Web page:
Today, we reaffirm the Federal Government’s formal apology to Japanese Americans whose lives were irreparably harmed during this dark period of our history, and we solemnly reflect on our collective moral responsibility to ensure that our Nation never again engages in such un-American acts. We acknowledge the intergenerational trauma and loss that the incarceration of Japanese Americans has caused. We also uplift the courage and resilience of brave Japanese Americans who, despite being unjustly incarcerated, formed powerful communities and marshalled incredible dignity and strength.”

> A 3-Day conference on memory and reckoning with the internment is at at the Smithsonian National Museum of American History. More information here.

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A Quaker Story of Remembrance –and Maybe Prophecy

Pirates Six, Cubs Three

Pittsburgh, PA, sometime in the 1980s.

Harry Nelson: I wasn’t having a good night. And I hadn’t had a good day. Needleman in the Washington office had called just after lunch. “Nelson,” he barked, “We need you here right away.”

I had to help the boss get ready for a big hearing at the Defense Systems Commission. Tomorrow.

I told him I’d promised to take the kids to a ballgame.

3-Rivers-Stadium

Needleman wasn’t impressed. “They play ballgames in Pittsburgh every night, Nelson,” he said. “We get a chance at a hundred million dollar contract once every ten years, if we’re lucky. This hearing could win it for us. The boss needs your data, and he needs you here to explain it to him. Tonight.”

Continue reading A Quaker Story about U.S. Concentration Camps in World War Two

“Survival & Resistance” A Message from 2006 That is Timely Again

they thought they were free

[Note: This essay was originally published in Friends Journal; but it’s now behind their paywall. It still seems timely today; maybe more so.]

Quakerism was born in a time of revolutionary upheaval. Yet it learned how to survive when the revolution failed and was followed by decades of persecution.

I sometimes hear Quakers waxing nostalgic about recovering the fire and fervor of “early Friends.”

Continue reading “Survival & Resistance” A Message from 2006 That is Timely Again

Progressive Friends & That Haunting Face In The Mirror: Hoping History Won’t Repeat — Or Rhyme Too Much

Samuel M. Janney
Samuel M. Janney, Virginia Friend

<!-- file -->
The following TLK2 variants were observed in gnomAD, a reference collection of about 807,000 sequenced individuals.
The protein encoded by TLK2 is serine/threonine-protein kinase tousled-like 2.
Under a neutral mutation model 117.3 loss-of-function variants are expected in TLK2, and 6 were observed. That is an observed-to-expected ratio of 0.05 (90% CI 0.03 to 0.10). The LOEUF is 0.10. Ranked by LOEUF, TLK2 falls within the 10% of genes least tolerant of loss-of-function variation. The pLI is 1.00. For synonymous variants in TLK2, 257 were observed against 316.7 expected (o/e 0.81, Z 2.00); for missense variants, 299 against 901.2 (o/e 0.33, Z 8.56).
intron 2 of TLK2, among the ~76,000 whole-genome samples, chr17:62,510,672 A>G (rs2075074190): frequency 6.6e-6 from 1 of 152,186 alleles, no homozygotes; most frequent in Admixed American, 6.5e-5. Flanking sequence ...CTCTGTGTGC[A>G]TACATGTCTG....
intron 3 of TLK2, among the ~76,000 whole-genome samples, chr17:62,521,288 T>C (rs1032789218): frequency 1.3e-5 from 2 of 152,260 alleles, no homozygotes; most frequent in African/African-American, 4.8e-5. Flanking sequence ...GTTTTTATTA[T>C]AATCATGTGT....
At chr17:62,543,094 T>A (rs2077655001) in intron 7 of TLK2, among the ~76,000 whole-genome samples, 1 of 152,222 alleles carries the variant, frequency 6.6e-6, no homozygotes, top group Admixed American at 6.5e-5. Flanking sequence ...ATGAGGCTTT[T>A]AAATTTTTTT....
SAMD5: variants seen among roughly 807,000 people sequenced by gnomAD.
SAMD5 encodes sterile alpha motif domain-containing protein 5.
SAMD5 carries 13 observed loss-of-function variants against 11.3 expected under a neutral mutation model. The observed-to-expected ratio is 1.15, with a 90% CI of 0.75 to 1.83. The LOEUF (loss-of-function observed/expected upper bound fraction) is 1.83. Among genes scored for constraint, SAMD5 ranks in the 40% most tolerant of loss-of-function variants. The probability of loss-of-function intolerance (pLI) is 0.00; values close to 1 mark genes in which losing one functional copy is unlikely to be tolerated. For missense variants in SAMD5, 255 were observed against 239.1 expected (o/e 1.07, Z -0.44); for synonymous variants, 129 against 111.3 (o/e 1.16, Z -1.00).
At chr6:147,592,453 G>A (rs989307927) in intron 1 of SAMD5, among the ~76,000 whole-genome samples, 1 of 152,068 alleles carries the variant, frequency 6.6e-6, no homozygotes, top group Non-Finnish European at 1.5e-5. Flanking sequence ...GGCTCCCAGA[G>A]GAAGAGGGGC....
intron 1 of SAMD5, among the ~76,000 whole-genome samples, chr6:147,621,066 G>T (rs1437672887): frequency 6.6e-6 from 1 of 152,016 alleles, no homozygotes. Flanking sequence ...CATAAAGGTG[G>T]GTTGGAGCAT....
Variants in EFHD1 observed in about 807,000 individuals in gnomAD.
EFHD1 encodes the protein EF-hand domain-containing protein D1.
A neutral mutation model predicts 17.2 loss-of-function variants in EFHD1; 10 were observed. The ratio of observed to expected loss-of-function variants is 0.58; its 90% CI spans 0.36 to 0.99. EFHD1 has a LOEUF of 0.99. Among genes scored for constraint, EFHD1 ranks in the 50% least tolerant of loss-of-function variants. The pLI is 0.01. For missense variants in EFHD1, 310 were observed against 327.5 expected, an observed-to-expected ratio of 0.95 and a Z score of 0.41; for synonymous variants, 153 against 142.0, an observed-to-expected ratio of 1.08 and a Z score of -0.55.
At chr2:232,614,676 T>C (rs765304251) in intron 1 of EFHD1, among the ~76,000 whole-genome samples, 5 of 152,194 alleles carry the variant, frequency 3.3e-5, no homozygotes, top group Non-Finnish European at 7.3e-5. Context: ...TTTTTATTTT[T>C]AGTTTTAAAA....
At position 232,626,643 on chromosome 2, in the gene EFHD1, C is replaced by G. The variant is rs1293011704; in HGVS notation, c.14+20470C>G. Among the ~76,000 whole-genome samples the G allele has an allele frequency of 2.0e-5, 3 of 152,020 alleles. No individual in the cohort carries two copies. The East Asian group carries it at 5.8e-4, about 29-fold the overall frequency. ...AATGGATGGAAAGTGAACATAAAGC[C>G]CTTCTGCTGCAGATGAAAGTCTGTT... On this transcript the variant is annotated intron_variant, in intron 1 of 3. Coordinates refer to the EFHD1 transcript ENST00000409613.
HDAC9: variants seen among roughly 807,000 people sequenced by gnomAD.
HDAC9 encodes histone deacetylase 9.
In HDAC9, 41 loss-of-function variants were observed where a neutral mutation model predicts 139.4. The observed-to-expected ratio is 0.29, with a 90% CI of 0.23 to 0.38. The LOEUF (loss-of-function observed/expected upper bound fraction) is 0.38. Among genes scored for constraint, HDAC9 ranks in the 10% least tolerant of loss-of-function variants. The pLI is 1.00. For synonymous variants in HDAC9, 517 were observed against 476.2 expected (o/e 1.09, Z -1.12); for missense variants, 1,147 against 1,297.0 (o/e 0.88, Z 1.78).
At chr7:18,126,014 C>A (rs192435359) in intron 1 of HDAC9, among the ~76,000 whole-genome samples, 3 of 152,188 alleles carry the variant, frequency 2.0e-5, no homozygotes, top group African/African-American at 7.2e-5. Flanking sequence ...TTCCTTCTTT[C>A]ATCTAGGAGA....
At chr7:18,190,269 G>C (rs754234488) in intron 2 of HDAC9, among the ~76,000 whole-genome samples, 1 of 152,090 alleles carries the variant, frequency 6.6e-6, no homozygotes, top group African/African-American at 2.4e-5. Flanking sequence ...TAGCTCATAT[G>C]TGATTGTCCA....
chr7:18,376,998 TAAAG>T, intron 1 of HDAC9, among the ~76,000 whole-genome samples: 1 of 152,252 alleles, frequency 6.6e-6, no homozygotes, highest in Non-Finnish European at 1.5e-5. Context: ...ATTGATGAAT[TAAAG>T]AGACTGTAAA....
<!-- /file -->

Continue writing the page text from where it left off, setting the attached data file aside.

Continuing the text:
While reading about and “living with” Progressive Friends, I was inspired by several of the memorable personalities I walked with. I admired and learned from all of them, as well as others who interacted with them.

But there’s one Friend I identified with especially: Samuel M. Janney.

Continue reading Progressive Friends & That Haunting Face In The Mirror: Hoping History Won’t Repeat — Or Rhyme Too Much

Alone Together: Living With & Writing About Progressive Friends

Grave_Buffum_ChaceResearching and writing about Progressive Friends took up most of my time from the autumn of 2013 through the spring of 2014. Often this was a paradoxical experience: from one angle, it was a very solitary effort: from another, very crowded.

I did this research at Pendle Hill in Pennsylvania, as the Cadbury research scholar in Quaker History. Most of my time at Pendle Hill was spent solo: in the Friends Historical Library at nearby Swarthmore College, poring over old letters, minutes, pamphlets and books; in my room, reading more old documents; then lots of staring into my computer screen, at the ever-growing store of texts available there.

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An Indomitable Woman Friend: Five Dead Babies, Spiritualism & Reform

Adapted from the book, Remaking Friends: How Progressive Friends Changed Quakerism & Helped Save America

Elizabeth Buffum Chace, born in 1806, was a striking example of the Progressive Friends movement. Raised a Rhode Island Quaker, she imbibed the refining spirit from her Quaker forebears, especially a sense of mission to help abolish slavery. But this zeal soon put her at odds with the New England Quaker Establishment. While officially against slavery, the leading Friends, mostly persons of wealth, staunchly opposed the “modern” reformist movements, not only abolitionism, but temperance and women’s advancement as well.